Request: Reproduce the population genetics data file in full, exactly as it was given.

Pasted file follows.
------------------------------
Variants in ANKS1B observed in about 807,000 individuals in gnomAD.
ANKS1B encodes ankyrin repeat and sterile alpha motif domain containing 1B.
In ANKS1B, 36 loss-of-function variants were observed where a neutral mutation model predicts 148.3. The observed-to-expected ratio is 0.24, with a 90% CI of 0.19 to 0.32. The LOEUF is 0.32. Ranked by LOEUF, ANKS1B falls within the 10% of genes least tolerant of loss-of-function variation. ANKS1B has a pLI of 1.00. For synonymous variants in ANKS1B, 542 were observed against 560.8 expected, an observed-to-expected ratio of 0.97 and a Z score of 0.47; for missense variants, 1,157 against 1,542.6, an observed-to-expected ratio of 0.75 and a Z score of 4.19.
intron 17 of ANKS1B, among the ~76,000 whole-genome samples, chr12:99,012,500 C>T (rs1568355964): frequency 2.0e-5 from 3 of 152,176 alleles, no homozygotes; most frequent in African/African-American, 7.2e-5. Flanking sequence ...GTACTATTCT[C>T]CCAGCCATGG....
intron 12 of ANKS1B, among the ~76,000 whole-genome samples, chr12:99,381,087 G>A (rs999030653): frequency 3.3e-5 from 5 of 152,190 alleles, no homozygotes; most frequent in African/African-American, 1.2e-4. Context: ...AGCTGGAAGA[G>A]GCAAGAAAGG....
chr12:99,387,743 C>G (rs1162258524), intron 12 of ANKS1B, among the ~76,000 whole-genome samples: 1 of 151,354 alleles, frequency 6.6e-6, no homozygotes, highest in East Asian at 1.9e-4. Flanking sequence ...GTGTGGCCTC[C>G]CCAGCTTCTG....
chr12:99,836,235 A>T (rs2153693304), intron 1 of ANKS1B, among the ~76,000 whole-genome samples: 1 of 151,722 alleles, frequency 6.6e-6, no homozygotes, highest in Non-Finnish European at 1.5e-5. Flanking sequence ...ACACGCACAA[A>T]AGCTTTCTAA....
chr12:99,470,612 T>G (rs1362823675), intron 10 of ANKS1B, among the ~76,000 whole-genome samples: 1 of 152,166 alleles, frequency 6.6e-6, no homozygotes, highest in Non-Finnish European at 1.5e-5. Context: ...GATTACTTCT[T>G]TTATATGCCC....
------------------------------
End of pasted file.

Variants in ANKS1B observed in about 807,000 individuals in gnomAD.
ANKS1B encodes ankyrin repeat and sterile alpha motif domain containing 1B.
In ANKS1B, 36 loss-of-function variants were observed where a neutral mutation model predicts 148.3. The observed-to-expected ratio is 0.24, with a 90% CI of 0.19 to 0.32. The LOEUF is 0.32. Ranked by LOEUF, ANKS1B falls within the 10% of genes least tolerant of loss-of-function variation. ANKS1B has a pLI of 1.00. For synonymous variants in ANKS1B, 542 were observed against 560.8 expected, an observed-to-expected ratio of 0.97 and a Z score of 0.47; for missense variants, 1,157 against 1,542.6, an observed-to-expected ratio of 0.75 and a Z score of 4.19.
intron 17 of ANKS1B, among the ~76,000 whole-genome samples, chr12:99,012,500 C>T (rs1568355964): frequency 2.0e-5 from 3 of 152,176 alleles, no homozygotes; most frequent in African/African-American, 7.2e-5. Flanking sequence ...GTACTATTCT[C>T]CCAGCCATGG....
intron 12 of ANKS1B, among the ~76,000 whole-genome samples, chr12:99,381,087 G>A (rs999030653): frequency 3.3e-5 from 5 of 152,190 alleles, no homozygotes; most frequent in African/African-American, 1.2e-4. Context: ...AGCTGGAAGA[G>A]GCAAGAAAGG....
chr12:99,387,743 C>G (rs1162258524), intron 12 of ANKS1B, among the ~76,000 whole-genome samples: 1 of 151,354 alleles, frequency 6.6e-6, no homozygotes, highest in East Asian at 1.9e-4. Flanking sequence ...GTGTGGCCTC[C>G]CCAGCTTCTG....
chr12:99,836,235 A>T (rs2153693304), intron 1 of ANKS1B, among the ~76,000 whole-genome samples: 1 of 151,722 alleles, frequency 6.6e-6, no homozygotes, highest in Non-Finnish European at 1.5e-5. Flanking sequence ...ACACGCACAA[A>T]AGCTTTCTAA....
chr12:99,470,612 T>G (rs1362823675), intron 10 of ANKS1B, among the ~76,000 whole-genome samples: 1 of 152,166 alleles, frequency 6.6e-6, no homozygotes, highest in Non-Finnish European at 1.5e-5. Context: ...GATTACTTCT[T>G]TTATATGCCC....